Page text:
This is an unsettling time for parents whose children are zTC getting ready to go away to college for the first time this fall. By now, the invoice for the first semester's tuition has arrived. Especially if the pride and joy is to attend one of the more expensive schools, this bill is for quite a lot of money. There are seven more such bills ahead. The cumulative amount is, well, like awesome, man.
Nationally, the number of graduating high school seniors has dipped, and colleges are competing vigorously for students. Unfortunately, that competition doesn't seem to be producing lower tuitions. In our family's case, a year at college will cost our son, Class of '98, roughly nine times what it cost his father, Class of '62, and 15 times what it cost his grandfather, Class of '36.
It's true, if not especially comforting, that some other costs have increased even more. Consider cars.
For the price of a year's tuition at many private universities today you can buy a nice vehicle, say a top-of-the-line Buick with all the options, or a full-size pickup with four-wheel drive, but you probably can't buy a luxury car. In the early '60s, however, money spent on a year's tuition would have probably bought a Cadillac or a Lincoln. During the Depression it would have been enough for two cars, and maybe a motorcycle, too.
So today when we write that tuition check we can be glad we're not buying a Buick instead, because the impact of inflation would be even greater. There now, don't we feel better?
When children leave for college, parents and other adult well-wishers feel compelled to fill the kids' heads with last-minute advice, just the way they filled their duffel bags with clean underwear and extra toothbrushes. This is a compulsion as old as higher education. The soon-to-be freshmen generally accept the advice and the toothbrushes with equal lack of interest. It makes little difference if the advice is good or bad, because they probably won't listen to it anyway, at least right now.
What Polonius says to Hamlet is sensible enough, wise if windy talk from a well-meaning old man, but it's the right lecture at the wrong time. Don't be a borrower or a lender, says Polonius. Value true friends. Don't pick fights, dress tastelessly or run your mouth when you don't know what you're talking about.
Even reading the passage, you can imagine Hamlet rolling his eyes. The young prince knew, even if no one else did, that he wasn't heading off to college after all. He had other things on his mind. If Polonius had added that it isn't good form to murder one's uncle he might have gotten Hamlet's attention, but he didn't.
Year after year and generation after generation, Polonius-like, parents offer earnest and sound, but badly-timed, advice to their college-bound offspring. And year after year, generation after generation, the children ignore it. In the spirit of this ritual, here's some advice for members of the Class of '98. At their pleasure, it can be folded, spindled, mutilated or stuffed into the duffel bags for future reference.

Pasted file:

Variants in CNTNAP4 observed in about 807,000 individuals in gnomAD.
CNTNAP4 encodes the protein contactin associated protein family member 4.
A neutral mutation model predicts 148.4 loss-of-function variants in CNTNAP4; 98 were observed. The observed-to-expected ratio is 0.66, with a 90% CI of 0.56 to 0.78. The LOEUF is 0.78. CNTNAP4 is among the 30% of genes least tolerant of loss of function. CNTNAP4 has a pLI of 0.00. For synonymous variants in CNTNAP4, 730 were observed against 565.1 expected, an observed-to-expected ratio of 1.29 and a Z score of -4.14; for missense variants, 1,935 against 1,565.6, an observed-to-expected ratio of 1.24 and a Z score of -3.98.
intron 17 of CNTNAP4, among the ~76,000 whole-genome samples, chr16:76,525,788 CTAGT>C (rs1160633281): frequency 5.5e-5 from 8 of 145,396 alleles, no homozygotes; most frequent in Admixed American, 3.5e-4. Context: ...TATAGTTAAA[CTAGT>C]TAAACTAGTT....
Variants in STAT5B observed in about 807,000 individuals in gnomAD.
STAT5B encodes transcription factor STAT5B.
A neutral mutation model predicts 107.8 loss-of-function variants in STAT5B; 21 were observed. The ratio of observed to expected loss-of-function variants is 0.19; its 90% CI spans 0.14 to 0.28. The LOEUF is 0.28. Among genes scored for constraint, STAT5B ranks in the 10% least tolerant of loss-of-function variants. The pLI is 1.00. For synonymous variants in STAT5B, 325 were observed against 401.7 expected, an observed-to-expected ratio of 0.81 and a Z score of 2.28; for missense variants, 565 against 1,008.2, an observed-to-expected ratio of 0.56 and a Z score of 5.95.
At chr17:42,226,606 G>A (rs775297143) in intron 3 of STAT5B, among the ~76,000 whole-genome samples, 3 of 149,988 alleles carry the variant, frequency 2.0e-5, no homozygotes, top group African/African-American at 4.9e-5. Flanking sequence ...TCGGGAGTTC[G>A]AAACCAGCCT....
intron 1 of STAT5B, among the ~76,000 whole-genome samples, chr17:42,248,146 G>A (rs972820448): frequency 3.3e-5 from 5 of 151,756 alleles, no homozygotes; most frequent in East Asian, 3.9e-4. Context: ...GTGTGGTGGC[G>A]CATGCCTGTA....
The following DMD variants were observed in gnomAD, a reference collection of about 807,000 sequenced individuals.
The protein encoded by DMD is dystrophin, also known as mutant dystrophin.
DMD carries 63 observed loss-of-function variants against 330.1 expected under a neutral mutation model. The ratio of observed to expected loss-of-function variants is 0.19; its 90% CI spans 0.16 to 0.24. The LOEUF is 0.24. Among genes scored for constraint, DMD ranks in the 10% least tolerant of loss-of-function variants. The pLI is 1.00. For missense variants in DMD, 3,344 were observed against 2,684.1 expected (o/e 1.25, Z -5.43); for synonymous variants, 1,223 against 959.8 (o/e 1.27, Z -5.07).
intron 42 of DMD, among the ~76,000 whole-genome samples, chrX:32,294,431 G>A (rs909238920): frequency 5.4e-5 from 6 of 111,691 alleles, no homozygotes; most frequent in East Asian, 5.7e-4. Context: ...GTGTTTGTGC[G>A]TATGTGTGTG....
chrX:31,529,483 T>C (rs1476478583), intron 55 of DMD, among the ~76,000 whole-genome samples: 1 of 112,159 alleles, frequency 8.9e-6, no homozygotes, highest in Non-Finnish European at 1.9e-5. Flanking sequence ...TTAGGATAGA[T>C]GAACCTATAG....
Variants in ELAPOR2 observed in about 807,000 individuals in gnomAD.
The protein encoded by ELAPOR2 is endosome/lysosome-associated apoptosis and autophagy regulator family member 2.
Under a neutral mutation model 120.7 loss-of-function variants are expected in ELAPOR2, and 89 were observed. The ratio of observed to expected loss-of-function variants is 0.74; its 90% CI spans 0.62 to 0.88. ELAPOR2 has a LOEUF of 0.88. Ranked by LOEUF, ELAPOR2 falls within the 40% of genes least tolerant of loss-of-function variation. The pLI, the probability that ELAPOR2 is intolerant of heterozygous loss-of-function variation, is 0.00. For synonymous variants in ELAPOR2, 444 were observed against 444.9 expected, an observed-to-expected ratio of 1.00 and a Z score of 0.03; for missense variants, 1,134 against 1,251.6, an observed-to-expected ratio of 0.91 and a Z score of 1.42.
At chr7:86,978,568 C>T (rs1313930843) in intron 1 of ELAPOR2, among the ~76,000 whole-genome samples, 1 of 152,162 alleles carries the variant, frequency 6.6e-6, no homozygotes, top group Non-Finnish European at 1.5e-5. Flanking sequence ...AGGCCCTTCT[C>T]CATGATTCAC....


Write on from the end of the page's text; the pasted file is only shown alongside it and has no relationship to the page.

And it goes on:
Soon, many self-assured people you've never seen before will be talking to you. Some of what they have to say will be true, and some will be hogwash. In most cases you'll instinctively know which is which, so be prepared to trust your instincts. They're your first line of defense.
You needn't dispute every assertion you doubt. That would be exhausting, and obnoxious too. Civility can't compromise your independence. But at the same time you'll need to cling with determination to your right to make up your own mind -- no matter who's offering to do it for you.
Be especially suspicious of efforts to turn you away from your families, your friends and your communities. These probably aren't perfect, and many of you will eventually decide to leave them behind anyway in the hope of finding something better. But don't cede that decision to anyone else.
Many groups will try to recruit you as a member. This will flatter you. But remember that groups which can't continuously attract new members soon shrivel and die. They want you and need you, but it's usually in the way a starving man wants and needs a ham sandwich. It has to do with their survival, not yours.
Be wary of the argument that there should be different rules for different people. This is not in your long-term interest, whatever your gender or color. If the law can be bent to empower you today at someone else's expense, it can just as readily be used as a weapon to cripple you for someone else's benefit tomorrow.
College is over in a wink; enjoy it while it lasts. Help others. Expect success but prepare for failure. Floss daily. Always fasten your seat belt. Oh yes, and remember not to murder your uncle, especially if he's the King of Denmark.
Peter A. Jay is a writer and farmer.